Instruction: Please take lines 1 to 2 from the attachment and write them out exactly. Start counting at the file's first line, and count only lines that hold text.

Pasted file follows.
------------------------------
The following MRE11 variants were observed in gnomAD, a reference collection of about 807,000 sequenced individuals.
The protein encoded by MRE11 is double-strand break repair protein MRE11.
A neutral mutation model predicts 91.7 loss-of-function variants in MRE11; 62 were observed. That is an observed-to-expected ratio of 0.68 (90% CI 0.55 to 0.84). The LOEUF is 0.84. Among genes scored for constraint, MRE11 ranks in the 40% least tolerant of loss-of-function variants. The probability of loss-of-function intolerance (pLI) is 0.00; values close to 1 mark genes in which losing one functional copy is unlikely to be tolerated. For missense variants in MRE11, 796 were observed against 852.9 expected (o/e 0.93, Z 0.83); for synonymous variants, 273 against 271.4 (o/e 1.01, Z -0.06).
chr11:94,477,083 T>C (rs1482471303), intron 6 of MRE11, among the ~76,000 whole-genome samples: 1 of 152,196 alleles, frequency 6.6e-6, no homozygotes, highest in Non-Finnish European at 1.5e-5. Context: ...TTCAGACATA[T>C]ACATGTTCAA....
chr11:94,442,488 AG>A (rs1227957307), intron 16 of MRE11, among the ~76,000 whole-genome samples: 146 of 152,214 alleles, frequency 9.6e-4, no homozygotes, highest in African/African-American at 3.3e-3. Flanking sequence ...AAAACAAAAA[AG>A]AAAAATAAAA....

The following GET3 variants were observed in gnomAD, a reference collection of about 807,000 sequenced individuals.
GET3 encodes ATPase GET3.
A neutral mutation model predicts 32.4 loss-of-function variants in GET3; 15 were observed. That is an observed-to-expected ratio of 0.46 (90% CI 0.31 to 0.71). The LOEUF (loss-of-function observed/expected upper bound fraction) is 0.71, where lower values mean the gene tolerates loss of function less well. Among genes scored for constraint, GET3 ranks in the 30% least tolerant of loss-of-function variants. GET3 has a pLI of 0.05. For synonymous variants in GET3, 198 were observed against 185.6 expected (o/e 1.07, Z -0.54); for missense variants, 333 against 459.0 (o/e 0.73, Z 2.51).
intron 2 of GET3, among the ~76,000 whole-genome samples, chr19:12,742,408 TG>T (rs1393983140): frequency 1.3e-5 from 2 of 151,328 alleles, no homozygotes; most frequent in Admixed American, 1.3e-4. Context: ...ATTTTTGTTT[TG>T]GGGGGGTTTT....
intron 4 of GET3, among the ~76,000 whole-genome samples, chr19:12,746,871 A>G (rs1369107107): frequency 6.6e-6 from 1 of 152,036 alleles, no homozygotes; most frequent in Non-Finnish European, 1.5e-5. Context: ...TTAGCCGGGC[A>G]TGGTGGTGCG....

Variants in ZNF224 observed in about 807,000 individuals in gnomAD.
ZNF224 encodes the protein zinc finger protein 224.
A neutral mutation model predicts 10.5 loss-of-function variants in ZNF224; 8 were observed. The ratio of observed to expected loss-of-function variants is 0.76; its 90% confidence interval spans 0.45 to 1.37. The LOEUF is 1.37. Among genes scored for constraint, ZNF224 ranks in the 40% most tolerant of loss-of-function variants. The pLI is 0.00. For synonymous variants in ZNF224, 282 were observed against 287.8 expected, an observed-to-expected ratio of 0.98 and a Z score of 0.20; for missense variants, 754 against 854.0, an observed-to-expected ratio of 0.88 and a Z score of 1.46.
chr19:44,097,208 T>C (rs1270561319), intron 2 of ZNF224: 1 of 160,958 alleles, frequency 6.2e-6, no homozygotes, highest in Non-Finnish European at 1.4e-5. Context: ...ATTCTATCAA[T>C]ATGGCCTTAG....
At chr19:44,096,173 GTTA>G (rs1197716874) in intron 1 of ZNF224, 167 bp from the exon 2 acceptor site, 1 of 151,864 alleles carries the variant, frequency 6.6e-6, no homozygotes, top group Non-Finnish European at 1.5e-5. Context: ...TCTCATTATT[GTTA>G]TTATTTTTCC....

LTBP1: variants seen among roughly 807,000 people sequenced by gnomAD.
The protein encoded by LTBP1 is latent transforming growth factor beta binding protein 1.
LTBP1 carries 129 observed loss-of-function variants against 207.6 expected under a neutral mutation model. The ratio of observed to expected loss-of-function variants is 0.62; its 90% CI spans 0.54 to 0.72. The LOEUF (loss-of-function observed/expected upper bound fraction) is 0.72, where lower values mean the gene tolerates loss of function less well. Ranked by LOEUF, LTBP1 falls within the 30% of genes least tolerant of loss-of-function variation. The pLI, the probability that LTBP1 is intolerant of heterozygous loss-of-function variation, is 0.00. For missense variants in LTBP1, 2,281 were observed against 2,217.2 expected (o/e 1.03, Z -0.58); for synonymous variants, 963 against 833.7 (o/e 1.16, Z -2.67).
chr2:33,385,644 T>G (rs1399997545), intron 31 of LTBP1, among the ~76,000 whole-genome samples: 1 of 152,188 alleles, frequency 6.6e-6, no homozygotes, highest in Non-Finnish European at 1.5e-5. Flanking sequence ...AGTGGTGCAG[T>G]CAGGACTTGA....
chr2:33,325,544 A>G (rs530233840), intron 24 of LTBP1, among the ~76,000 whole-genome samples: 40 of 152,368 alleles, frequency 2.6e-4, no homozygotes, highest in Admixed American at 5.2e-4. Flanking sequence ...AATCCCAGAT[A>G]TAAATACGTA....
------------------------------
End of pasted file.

The following MRE11 variants were observed in gnomAD, a reference collection of about 807,000 sequenced individuals.
The protein encoded by MRE11 is double-strand break repair protein MRE11.